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I have heated gloves but prefer the heated grips. Very low power draw. Like others have said, use a digital controller. Also keep in mind you can turn the heat down to minimize draw. The KLR will need some RPMs to keep charging so just be aware if you are in traffic or such. You can also swap your running lights to LEDs to make power available, as well as a digital dash. I have heard lots of folks having reliabilty issues with the higher output stators.
 

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My suggestion, a leather coat big enough to wear a long sleeve T and a Berber pullover from Cabella's, sweat-pants, jeans, and leather outer-leather-pants, heat the grips and mabe the socks, a blaclava and full face, will get you down to riding temps that snowmobikes do......on second thought a snowmobile suit ought to do nicely :)
 

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I use heated jacket and gloves on both my KLR and ST1300. The ST has a lot bigger alternator so it isn't a problem. I was concerned with my 2008 KLR so I put a volt meter on it. I have a solid state pulse control for the jacket and gloves. The volt meter shows the volts drop from 14 to 12 volts when the jacket and gloves come on. It goes right back up to 14 when they go off. I find that it takes a little longer to go back to 14 when I have the headlights on bright. I never have to have the heated cloths on full power and that would drain the battery.

My KLR is a 2008, which has a bigger alternator than the odler models.

Get a volt meter and solid state pulse controller and you won't have any problems.
 

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Interesting, are you guys saying that the controllers simply apply a duty cycle to the entire group of clothing at once? In other words it does not shift from one item to another???You see were I'm going dont you?
If this is the case I could make something that cycles through the items one at a time. You would never over load the system no mater how many items as long as no one item was over the max.

Chaos
 

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1 controller works what ever is connected together and to it. It pulses the heat to all of it at the same time, ie, jacket and gloves. Set it on 1/4 power and it will supply power to the cloths 1/4 of the time.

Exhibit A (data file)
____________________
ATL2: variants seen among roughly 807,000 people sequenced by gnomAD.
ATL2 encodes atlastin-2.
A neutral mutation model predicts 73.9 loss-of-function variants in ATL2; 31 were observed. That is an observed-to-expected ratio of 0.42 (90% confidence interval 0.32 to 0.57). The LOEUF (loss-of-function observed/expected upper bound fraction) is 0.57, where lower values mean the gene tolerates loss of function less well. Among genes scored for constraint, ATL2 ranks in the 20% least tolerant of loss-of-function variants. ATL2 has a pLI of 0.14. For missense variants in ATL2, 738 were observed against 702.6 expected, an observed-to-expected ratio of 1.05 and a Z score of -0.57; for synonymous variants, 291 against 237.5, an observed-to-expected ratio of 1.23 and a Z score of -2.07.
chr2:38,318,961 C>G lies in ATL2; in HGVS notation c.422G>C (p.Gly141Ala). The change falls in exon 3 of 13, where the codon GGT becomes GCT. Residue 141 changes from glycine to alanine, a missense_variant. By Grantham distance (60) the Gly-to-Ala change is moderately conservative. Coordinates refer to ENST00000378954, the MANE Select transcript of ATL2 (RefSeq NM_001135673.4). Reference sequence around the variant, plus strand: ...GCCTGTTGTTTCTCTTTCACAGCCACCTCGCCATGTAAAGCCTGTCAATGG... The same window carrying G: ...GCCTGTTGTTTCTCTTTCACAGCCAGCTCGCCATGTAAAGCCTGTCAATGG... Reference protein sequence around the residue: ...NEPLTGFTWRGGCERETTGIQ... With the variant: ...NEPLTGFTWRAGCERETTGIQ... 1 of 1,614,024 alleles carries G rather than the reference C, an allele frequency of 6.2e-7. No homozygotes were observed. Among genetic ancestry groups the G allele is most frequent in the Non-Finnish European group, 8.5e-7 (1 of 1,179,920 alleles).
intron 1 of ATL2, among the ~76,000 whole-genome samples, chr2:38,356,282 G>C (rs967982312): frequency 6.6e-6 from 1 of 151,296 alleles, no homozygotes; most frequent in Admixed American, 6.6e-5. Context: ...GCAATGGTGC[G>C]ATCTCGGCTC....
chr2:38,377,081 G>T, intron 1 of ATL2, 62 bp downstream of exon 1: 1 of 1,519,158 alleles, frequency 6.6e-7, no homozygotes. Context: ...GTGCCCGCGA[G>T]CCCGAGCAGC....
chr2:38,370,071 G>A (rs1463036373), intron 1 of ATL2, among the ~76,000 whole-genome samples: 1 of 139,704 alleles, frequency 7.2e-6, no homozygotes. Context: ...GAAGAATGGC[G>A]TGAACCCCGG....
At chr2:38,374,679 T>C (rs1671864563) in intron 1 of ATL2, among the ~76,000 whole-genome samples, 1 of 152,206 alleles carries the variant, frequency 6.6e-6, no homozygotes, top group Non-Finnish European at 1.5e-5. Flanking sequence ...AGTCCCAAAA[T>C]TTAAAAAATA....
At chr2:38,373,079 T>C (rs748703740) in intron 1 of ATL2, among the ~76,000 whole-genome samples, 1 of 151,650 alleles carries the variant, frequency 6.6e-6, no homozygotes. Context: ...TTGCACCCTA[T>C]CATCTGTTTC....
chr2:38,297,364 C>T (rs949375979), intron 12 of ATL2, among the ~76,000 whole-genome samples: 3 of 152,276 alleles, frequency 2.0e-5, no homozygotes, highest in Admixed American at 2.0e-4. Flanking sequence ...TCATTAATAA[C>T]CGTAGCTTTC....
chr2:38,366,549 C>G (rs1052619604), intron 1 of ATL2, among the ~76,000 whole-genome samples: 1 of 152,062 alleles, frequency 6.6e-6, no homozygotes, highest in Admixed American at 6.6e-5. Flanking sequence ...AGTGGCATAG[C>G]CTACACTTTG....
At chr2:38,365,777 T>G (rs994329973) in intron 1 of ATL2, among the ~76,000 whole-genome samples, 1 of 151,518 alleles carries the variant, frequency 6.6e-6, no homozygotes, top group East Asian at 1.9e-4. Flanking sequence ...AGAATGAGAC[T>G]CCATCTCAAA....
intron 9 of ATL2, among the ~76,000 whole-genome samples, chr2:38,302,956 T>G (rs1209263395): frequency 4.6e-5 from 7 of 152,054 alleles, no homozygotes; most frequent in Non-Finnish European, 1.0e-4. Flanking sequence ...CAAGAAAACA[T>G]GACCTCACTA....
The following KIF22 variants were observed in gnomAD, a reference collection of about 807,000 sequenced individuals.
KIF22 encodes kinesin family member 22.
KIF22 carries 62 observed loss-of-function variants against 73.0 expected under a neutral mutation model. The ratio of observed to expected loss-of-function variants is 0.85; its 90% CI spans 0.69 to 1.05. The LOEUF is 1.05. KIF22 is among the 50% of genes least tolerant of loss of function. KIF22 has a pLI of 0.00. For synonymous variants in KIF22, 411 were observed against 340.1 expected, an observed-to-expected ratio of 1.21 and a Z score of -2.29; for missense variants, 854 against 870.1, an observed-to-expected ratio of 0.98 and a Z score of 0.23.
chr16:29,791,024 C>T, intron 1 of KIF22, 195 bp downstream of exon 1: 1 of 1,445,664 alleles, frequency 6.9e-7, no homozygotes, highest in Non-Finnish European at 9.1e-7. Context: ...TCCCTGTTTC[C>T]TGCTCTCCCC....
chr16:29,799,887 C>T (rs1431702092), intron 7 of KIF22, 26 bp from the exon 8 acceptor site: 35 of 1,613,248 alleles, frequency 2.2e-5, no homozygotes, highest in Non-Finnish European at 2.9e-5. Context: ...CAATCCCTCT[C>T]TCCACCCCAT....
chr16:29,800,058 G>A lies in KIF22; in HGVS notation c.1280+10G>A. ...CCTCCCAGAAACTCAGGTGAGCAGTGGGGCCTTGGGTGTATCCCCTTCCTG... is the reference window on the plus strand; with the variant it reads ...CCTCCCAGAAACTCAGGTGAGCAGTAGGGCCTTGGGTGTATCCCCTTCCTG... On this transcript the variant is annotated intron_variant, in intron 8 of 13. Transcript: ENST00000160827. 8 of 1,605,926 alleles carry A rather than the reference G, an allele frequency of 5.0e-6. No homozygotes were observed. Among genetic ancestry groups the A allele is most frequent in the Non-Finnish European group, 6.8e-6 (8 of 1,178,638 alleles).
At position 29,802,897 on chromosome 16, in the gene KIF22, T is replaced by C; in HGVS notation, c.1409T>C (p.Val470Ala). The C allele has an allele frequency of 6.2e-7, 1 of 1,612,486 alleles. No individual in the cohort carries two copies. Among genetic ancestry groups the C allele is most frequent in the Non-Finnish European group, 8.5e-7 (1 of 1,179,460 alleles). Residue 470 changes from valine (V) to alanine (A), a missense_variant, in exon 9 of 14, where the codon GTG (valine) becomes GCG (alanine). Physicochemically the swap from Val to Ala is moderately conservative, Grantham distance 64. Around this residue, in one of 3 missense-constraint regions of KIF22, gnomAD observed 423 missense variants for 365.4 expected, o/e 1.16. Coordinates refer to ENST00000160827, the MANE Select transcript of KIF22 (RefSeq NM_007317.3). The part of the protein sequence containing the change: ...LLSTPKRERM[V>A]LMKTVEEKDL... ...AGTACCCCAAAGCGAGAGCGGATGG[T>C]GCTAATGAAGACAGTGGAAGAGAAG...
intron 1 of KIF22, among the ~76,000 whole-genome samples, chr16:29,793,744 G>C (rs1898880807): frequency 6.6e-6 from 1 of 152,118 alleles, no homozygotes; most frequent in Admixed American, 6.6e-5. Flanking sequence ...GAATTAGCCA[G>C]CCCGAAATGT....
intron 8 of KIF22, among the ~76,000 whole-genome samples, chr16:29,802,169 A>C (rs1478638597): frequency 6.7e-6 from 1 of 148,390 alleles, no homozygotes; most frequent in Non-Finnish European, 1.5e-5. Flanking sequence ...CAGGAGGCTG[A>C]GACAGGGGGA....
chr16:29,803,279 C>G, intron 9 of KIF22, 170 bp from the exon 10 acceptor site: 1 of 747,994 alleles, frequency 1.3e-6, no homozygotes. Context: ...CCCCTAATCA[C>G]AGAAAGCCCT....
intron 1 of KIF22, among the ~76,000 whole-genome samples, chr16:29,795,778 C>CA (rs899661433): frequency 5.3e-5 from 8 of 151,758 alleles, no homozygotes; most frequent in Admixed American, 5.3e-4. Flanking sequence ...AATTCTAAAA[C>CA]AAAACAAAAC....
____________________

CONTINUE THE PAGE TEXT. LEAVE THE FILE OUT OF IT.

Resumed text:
You can use 2 controllers and set the heat separate for each item.

My jacket has 1 plug to work it and gloves if they are hooked to the jacket. There is also another plug in the jacket that you can disconnect and plug into a separate controller for the gloves so both can be controlled separately.

However, the only thing that counts is how many amp hours you are using. Gloves on high and a jacket on low may have the same draw as both hooked together on medium low. The only way to tell is a voltage gage. If I remember right, my jacket draws 110 watts and the gloves 15 watts.

If I run full power to the gloves and jacket on my 2008, it will run the battery down after a while. I can run them full power for a while and then turn them down and it is OK. The jacket on full power will make me sweat in 10 min.

1 other consideration is your rpm. Running both jacket and gloves at low rpm will run down the battery while running them at a higher rpm will not.
 

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Seems a little knowhow is all thats required.
All these controllers do is pulse a duty cycle through all the loads at once.
If you are output limited this is dumb at best.:46:
Why not switch from one load to another, instead of overtaxing the system by simply pulsing them all together.
Lets say the loads are pants 75 watts, jacket 75 watts gloves and heated grips 75 watts.

My way the draw is 75 watts constant.

There way 225 watts pulsed. (not to mention overloaded its taking a beating)

There is no cumulative effect as you are simply switching between loads as apposed to pulsing all of them to derive your duty cycle.

I.E. instead of turning on and off your pants,jacket and gloves (pulsing)you would have your controller switch between them.
Your overall draw (amp hours) for the amount of heat generated would remain the same, however you could have as many heated clothing items as you wanted and the draw would not go up.

Chaos
 

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It all works out the same. An alternator has a given output. Multiply by time and you know what the output is over time, like how many amp hours it puts out. Take the load amps per hour and compare it to the out put per hour and you will see if the alternator has the abilbity to power the load. If the load exceed the out put your battery will be drained by making up the difference.